This revival of spiritual and family-oriented aspirations represents a partial repudiation of the moral relativism that took hold in the 1960s and has since become a mainstay of American pop culture. In essence, many Xers are struggling to find a new values consensus that lies somewhere between the secular permissiveness of the left and the cultural intolerance of the right.
When it comes to race relations, Xers are particularly difficult to categorize. They are the cohort most likely to say that the civil-rights movement has not gone far enough. Yet, like Americans of all ages, they register a high level of opposition to job- and education-related affirmative-action programs. The American National Election Survey has reported that 68 percent of Xers oppose affirmative action at colleges. This seeming paradox can be explained in part by the fact that most Xers—though genuinely concerned about improving race relations—are among the first to have felt the actual (or perceived) bite of the affirmative-action programs that their parents and grandparents put into place.
Improving public education is one of the highest policy priorities for Xers. In fact, when asked what should be done with any future budget surplus, nearly half favor increased education spending. They seem to understand that knowledge will be the key to success in the information- and service-based economy of the twenty-first century. Their strong emphasis on education betokens a larger belief in the importance of investing in the future. Rather than maintaining the social-welfare state, the Xer philosophy would favor the creation of a social-investment state.
Although Xers have forsaken conventional political participation en masse, it would be a mistake to assume, as many do, that they are wholly apolitical. There is considerable evidence to suggest that volunteerism and unconventional forms of political participation have increased among young adults. Local voluntary activities, demonstrations, and boycotts all seem to be on the rise within their ranks. Heather McLeod, a Generation X co-founder of Who Cares magazine, has provided the following explanation: "We can see the impact when we volunteer. We know the difference is real." The implication, of course, is that the conventional political system has become so ineffectual and unresponsive that young people can make a positive difference only by circumventing it.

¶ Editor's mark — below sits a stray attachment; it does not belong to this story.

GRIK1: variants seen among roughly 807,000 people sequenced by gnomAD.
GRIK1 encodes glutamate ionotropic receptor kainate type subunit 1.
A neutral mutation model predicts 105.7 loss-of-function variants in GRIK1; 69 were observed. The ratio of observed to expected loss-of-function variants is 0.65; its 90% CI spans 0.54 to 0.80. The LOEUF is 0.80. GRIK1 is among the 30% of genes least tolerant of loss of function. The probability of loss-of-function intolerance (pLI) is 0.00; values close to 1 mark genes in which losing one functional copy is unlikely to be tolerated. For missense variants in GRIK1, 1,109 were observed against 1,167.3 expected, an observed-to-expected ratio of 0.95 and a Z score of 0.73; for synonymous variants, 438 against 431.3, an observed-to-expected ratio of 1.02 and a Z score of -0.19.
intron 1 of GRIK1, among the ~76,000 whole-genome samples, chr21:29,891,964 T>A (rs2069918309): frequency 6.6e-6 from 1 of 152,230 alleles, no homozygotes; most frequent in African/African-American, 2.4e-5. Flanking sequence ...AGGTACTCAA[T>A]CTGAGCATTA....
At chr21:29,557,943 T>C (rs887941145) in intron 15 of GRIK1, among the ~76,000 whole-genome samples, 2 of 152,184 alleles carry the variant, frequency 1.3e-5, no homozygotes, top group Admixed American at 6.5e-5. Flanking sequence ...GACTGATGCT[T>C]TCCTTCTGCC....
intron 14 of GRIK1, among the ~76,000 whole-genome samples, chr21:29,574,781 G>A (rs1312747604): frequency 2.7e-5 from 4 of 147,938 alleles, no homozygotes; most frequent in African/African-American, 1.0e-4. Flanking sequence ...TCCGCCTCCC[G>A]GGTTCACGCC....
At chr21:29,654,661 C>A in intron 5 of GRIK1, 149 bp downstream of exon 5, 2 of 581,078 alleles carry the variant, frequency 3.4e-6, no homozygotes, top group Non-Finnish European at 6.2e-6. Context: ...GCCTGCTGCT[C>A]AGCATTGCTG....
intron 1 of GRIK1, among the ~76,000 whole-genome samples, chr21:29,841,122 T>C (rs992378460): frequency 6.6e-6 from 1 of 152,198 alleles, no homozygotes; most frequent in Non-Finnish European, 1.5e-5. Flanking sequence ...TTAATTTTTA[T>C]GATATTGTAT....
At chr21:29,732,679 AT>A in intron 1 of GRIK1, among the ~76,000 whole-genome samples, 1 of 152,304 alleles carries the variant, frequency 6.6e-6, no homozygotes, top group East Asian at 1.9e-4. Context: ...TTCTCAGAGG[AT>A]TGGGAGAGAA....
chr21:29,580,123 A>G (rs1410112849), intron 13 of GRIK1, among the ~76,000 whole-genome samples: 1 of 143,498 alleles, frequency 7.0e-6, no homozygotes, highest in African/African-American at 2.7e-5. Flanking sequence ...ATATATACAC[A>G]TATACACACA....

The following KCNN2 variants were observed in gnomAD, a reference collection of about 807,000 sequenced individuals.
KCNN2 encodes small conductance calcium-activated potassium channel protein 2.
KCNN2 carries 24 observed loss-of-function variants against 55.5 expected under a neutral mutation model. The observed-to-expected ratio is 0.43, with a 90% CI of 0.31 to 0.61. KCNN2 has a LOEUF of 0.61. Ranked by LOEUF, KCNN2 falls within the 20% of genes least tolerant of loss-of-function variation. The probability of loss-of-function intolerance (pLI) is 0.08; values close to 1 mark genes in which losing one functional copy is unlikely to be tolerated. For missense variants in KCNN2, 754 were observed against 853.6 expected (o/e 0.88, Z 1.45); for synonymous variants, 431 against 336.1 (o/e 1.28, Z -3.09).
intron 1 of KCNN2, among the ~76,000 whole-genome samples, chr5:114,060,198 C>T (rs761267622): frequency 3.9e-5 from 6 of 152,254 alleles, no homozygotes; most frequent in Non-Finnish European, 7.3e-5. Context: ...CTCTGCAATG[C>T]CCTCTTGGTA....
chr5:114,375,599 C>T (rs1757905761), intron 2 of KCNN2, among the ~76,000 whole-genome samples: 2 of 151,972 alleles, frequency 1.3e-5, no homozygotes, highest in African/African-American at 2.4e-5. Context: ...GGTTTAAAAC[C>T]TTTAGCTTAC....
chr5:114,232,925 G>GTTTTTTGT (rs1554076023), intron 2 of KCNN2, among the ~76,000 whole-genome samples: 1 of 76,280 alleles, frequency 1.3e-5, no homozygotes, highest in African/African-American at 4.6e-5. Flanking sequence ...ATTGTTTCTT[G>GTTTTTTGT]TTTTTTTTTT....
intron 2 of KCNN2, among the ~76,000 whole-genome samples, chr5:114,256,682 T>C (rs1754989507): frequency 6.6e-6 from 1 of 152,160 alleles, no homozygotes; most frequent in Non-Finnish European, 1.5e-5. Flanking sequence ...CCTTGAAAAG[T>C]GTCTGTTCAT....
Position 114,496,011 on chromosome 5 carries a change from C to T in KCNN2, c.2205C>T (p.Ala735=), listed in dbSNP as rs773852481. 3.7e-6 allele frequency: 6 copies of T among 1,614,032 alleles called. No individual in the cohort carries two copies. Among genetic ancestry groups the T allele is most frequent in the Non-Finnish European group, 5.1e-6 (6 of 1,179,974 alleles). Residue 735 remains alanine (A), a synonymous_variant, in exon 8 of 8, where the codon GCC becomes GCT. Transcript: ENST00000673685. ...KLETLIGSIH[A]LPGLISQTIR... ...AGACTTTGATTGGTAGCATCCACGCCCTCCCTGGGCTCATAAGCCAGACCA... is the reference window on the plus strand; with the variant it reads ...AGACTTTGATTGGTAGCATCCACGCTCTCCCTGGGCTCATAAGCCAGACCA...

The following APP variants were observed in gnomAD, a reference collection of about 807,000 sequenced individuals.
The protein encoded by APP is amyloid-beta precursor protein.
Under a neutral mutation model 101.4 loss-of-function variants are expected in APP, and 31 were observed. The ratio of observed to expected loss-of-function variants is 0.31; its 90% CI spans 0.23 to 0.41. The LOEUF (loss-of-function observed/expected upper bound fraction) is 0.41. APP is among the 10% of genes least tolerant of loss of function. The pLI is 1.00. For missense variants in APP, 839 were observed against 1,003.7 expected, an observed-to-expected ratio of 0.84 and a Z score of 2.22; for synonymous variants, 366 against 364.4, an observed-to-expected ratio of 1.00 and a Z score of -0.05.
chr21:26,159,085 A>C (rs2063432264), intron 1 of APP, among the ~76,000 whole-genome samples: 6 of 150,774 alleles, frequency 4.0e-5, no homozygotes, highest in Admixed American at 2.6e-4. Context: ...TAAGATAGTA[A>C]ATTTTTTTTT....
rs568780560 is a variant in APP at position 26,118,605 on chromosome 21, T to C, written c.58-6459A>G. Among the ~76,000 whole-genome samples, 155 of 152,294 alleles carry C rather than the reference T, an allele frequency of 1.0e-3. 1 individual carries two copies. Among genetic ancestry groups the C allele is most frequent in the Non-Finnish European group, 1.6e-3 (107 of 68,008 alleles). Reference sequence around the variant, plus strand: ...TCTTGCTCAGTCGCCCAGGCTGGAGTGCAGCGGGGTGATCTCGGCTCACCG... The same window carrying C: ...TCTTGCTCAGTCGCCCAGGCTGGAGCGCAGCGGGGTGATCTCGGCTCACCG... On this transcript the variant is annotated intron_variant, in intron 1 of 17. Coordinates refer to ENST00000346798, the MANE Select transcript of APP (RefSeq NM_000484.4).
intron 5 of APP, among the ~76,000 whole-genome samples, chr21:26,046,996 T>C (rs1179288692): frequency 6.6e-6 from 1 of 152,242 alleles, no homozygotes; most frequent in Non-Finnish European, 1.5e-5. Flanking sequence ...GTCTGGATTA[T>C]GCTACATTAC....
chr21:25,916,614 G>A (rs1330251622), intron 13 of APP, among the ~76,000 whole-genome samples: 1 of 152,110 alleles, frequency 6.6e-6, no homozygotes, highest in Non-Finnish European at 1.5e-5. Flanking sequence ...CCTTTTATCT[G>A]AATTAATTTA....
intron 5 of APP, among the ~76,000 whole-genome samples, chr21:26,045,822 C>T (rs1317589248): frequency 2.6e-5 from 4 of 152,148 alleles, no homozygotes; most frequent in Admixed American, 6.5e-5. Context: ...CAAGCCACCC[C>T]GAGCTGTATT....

Xers may be poorly informed when it comes to public affairs, but they know enough to believe that our political system is badly in need of reform. At a very basic level they recognize that the political system is rigged against their interests. For one thing, Xers continually see a large gap between the issues they care most about and the ones that politicians choose to address. For another, they understand that Democrats and Republicans, despite an appearance of perpetual partisan infighting, collude to favor upper-income constituencies and to prevent a range of issues (including campaign-finance reform) from being acted on. Seeing themselves as the "fix-it" generation, Xers long for leaders who will talk straight and advocate the shared sacrifices necessary to correct the long-term problems that preoccupy them most. But today's elected officials are far too deeply trapped in a politics of short-term convenience to deliver anything of the sort. Not surprisingly, then, Xers are eager to do away with the two-party system. They register particularly strong support for third parties, for campaign-finance reform, and for various forms of direct democracy.
The final core belief that helps to define the political views of today's young adults is their commitment to environmental conservation. Thanks to the advent of environmental education and the spread of environmental activism, Xers grew up experiencing recycling as second nature; many actually went home and lobbied their parents to get with the program. In fact, the environment is one of the rare public-policy arenas in which Xers are fairly aware. Many have incorporated their environmental values into their lifestyles and career choices. For instance, a 1997 Harvard Business Review article titled "Tomorrow's Leaders: The World According to Generation X" revealed that most current MBA students believed that corporations have a clear-cut responsibility to be environment-friendly in their practices. This generation does not believe that a tradeoff is necessary between a strong economy and a healthy environment.